If you’re finding managing more than one role at work overwhelming, try the Google Suite – it could be the answer you’ve been looking for.

Gitanjali Singh Cherian
Marketing Manager


Design Strategy, Trends

Technology has become cheaper and thus more accessible over the years. Low cost mobile phones, computers and the Internet, coupled with tools such as social media and data analytics have resulted in the following outcomes:

Shift in Power

The growth of platforms like Facebook, Google and Youtube, primarily enabled by low-cost Internet, has enhanced cyclical connectivity and feedback loops which enable transparency. The common individual’s access to information has played a major role in shifting where the power to influence lies.

Today’s potential customer is more likely to believe the reviews of an online community and less likely to be influenced by a company’s advertising efforts. Power now lies with social groups or communities. Customers are able to gain more knowledge about a particular product, as well as of its competitors’ and interact with each other quickly, giving them the power to demand customised products that better suit their needs. Today’s customer is motivated to play a key role in the innovation process. Ideas for innovation are also able to come from sources such as vendors, partners and other key players, and are no longer limited to the traditional internal source – the R & D department.

Global Collaboration and Enhanced Mobility

The World Wide Web has enabled a global civilization connected by an invisible force – the Internet. Information travels rapidly, and distances no longer feel intimidating. The world is literally at your fingertips.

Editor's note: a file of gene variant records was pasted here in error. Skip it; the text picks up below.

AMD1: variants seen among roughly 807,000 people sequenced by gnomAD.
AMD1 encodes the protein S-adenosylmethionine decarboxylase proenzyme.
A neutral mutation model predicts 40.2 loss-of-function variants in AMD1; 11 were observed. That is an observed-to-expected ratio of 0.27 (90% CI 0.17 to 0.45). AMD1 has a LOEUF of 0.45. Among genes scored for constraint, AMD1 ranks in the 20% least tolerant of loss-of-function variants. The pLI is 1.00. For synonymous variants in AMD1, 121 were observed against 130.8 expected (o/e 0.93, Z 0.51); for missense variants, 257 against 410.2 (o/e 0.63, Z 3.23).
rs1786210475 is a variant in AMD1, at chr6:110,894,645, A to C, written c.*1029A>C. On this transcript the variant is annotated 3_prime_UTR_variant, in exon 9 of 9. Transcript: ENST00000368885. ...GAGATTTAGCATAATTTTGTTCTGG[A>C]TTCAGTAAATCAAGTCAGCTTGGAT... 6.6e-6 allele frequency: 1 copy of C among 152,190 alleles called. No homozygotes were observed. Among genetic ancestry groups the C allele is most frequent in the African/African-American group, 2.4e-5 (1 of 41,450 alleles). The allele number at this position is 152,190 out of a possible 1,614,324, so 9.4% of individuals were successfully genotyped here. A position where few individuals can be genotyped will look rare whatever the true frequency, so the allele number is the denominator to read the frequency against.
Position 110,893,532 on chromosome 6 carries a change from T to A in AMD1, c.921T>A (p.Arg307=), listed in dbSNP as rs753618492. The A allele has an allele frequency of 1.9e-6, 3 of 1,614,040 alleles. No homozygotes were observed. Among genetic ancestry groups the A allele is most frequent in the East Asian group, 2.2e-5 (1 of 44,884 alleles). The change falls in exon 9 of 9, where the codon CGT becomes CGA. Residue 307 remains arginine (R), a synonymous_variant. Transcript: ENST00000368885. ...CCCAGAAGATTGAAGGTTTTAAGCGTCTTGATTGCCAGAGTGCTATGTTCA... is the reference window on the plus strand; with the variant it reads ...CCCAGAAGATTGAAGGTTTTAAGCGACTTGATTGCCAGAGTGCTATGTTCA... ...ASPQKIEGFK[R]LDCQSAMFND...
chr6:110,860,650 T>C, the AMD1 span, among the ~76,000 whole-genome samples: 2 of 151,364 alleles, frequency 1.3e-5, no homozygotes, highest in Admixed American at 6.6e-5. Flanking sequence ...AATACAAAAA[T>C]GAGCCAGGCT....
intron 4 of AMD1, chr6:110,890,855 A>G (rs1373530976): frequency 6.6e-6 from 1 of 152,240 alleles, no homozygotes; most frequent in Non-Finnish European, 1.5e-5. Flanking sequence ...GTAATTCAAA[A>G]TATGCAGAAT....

Information Sharing and Analysis

Individuals can collaborate in an intangible environment enabled by high-speed Internet, social media platforms, inexpensive computers and mobile phones. People from different parts of the world, with different areas of expertise, can all sit at the same virtual ‘table’ and co-create.

Social media platforms allow for rapid two-way flow of information between creators of products/services and end users. Further, the information is no longer limited to just text, but also has visual aid. This means understanding problems or needs becomes much easier, potentially allowing for better solutions to be developed.

Because of technology, large amounts of information can be quickly shared and the same data set can be analysed by people with different areas of expertise. Big data and data analytics allow firms to better understand and segment the market, identify new trends and needs, and eventually help in developing mutually beneficial marketing strategies.